10 Key Takeaways From Redesigning Websites

December 27, 2017 by Erin Thorne, Content Strategy Lead

 As we wrap up another busy year, our web team reflects on highlights and takeaways from 2017 in building engaging digital experiences this last year.

1. Personalization helps hospitals better reach patients.

Karen, user experience and digital strategist: For several of our clients, we incorporated explicit personalization in their hospital website redesigns this year. We gave website visitors the option to identify their preferred health care location to see related content as they browse the website, including available services and hours, and events and classes.

We also created ways to let visitors identify their purpose for visiting the website by allowing them to self-select whether they are a student, patient, visitor, staff, etc. This personalization presents users with customized navigation, content and calls to action.

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Glen, strategy and business development: Healthcare providers know a lot about their patients. Now, organizations are beginning to leverage this information to provide highly targeted, relevant and personalized web experiences.

2. Agile makes for smoother website launches.

Caroline, project manager: Breaking a redesign into sprints and at the end of each sprint being able to show our clients a fully functioning section of the site has made for smoother roll outs. With a fully transparent agile methodology, client partners know what is going on throughout the process, instead of after three months we’re saying, okay, here’s your site!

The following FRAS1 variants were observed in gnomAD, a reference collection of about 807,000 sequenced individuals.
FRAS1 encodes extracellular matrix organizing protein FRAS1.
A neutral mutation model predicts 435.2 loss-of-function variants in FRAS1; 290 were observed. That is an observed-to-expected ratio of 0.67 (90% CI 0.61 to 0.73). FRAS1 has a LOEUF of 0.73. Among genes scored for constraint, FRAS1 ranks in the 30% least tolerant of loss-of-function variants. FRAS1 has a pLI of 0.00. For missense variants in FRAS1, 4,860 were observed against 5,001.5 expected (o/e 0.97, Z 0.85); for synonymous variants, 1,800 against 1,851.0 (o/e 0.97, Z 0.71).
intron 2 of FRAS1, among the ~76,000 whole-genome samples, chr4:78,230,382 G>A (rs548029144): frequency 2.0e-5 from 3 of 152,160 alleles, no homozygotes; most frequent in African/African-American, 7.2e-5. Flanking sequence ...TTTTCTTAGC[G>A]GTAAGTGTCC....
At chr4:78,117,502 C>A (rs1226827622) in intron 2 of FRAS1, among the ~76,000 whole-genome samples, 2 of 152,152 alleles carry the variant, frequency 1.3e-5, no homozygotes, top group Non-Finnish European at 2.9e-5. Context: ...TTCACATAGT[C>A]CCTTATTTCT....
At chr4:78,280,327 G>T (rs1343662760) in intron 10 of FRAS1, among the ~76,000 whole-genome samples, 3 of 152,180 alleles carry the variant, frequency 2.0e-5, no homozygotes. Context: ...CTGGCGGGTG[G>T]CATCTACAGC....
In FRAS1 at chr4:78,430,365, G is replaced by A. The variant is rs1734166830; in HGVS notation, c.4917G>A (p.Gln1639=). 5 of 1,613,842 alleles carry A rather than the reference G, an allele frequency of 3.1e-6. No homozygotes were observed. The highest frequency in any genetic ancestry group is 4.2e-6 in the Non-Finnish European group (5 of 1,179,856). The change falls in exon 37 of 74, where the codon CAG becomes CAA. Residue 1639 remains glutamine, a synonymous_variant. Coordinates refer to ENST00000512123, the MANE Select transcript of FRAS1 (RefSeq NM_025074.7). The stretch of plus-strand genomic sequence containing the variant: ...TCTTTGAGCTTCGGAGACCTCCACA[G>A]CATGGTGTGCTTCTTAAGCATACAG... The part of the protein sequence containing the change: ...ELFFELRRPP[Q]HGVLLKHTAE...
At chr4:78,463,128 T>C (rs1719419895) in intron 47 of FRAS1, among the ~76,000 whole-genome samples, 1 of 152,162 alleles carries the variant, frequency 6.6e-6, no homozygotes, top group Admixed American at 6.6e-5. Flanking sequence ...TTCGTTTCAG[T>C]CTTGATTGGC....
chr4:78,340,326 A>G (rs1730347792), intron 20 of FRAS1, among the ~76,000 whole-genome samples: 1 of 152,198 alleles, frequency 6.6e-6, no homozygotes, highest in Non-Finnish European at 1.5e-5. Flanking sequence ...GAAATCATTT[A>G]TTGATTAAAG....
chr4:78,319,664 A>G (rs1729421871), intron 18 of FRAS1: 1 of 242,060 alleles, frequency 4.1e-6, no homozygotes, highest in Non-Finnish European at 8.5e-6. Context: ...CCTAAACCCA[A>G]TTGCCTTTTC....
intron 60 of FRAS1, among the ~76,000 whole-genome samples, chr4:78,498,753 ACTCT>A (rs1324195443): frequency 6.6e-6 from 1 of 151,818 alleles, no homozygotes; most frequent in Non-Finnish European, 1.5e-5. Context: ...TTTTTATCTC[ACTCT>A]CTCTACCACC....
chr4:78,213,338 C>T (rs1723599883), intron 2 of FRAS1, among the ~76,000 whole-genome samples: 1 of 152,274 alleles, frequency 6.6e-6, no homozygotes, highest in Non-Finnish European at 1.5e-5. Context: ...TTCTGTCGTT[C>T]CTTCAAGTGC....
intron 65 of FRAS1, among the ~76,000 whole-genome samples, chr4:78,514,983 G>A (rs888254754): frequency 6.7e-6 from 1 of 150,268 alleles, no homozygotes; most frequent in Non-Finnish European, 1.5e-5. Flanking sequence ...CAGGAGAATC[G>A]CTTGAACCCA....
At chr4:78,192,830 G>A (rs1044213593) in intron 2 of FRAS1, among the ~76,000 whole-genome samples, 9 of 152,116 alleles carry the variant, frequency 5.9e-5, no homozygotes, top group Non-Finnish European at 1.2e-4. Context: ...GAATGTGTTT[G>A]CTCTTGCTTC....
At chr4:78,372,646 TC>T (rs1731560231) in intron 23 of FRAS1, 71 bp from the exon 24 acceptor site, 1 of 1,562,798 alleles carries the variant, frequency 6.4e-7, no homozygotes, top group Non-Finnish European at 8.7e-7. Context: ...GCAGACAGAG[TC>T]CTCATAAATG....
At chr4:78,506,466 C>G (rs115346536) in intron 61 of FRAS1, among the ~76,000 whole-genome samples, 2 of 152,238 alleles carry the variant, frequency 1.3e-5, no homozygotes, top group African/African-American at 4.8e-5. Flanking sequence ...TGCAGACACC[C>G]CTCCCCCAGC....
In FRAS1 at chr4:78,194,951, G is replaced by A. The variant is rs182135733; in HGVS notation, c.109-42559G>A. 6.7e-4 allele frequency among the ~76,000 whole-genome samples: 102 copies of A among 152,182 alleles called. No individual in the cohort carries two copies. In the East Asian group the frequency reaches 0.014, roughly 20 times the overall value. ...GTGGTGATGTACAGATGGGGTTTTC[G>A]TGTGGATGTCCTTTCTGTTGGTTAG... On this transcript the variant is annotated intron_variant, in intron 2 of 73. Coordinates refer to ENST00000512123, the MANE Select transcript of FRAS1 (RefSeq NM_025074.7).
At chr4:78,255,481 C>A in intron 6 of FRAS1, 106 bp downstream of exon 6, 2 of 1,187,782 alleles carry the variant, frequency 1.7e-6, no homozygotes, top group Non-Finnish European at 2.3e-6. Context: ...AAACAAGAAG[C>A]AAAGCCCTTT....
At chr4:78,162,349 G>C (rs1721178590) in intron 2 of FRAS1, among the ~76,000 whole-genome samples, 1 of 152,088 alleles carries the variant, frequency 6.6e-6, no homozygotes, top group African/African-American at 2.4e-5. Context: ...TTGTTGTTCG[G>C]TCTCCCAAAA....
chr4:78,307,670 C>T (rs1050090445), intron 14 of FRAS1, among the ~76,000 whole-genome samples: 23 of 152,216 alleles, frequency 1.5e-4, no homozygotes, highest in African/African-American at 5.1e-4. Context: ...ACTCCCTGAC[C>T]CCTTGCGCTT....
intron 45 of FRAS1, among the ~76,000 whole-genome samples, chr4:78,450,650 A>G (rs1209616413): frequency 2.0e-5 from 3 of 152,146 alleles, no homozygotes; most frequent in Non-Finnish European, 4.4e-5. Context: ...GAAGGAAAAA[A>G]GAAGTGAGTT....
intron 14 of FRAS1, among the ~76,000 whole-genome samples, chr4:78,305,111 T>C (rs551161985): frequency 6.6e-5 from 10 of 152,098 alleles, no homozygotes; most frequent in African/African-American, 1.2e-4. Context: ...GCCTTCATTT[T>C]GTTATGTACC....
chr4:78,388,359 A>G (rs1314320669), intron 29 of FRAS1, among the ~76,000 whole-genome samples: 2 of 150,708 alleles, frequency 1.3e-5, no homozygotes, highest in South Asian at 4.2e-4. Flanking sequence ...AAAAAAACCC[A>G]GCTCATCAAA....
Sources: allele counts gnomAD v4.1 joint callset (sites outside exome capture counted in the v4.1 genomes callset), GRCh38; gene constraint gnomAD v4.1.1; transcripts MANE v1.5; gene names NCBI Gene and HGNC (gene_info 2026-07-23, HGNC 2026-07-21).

Agile also helps us manage redesign projects more smoothly internally because we are holding frequent sprint-planning and scrum meetings that keep the requirements top-of-mind. That means a more efficient process overall with fewer elements missed and less re-work.

3. We love Drupal 8.

Chris, back-end developer: 2017 was the year we decided to fully embrace Drupal 8 as our default platform, and to use Drupal 8’s improved framework architecture.

Caroline: Drupal 8 is much cleaner and easier to use in the administrative end. It’s also a lot simpler in terms of adding custom blocks and cool features — so easy a project manager can do it!

Lynn, front-end developer: Working with Drupal 8 and Paragraphs, specifically, has really helped us to create better, more flexible content management systems for our clients. Paragraphs is a Drupal 8 module for handling content that gives end-users more flexibility with adding content. We were able to create a highly customizable landing page for one of our clients that allowed them to create beautiful, specialized ad-hoc landing pages for ad campaigns quickly and all on their own!

4. Stakeholder involvement and engagement is crucial. 

Cara, project manager: In projects with short turnarounds, it’s important to have daily communication with your internal teams and with the client to set priorities and expectations.

In addition, having an up-to-date task list that is shared internally and externally allows all parties to see what items are still outstanding. We use a number of project management and collaboration tools, including Jira and Confluence, to provide clear documentation, tightly control overall progress, and increase transparency.

5. Component-based design helps teams be more efficient.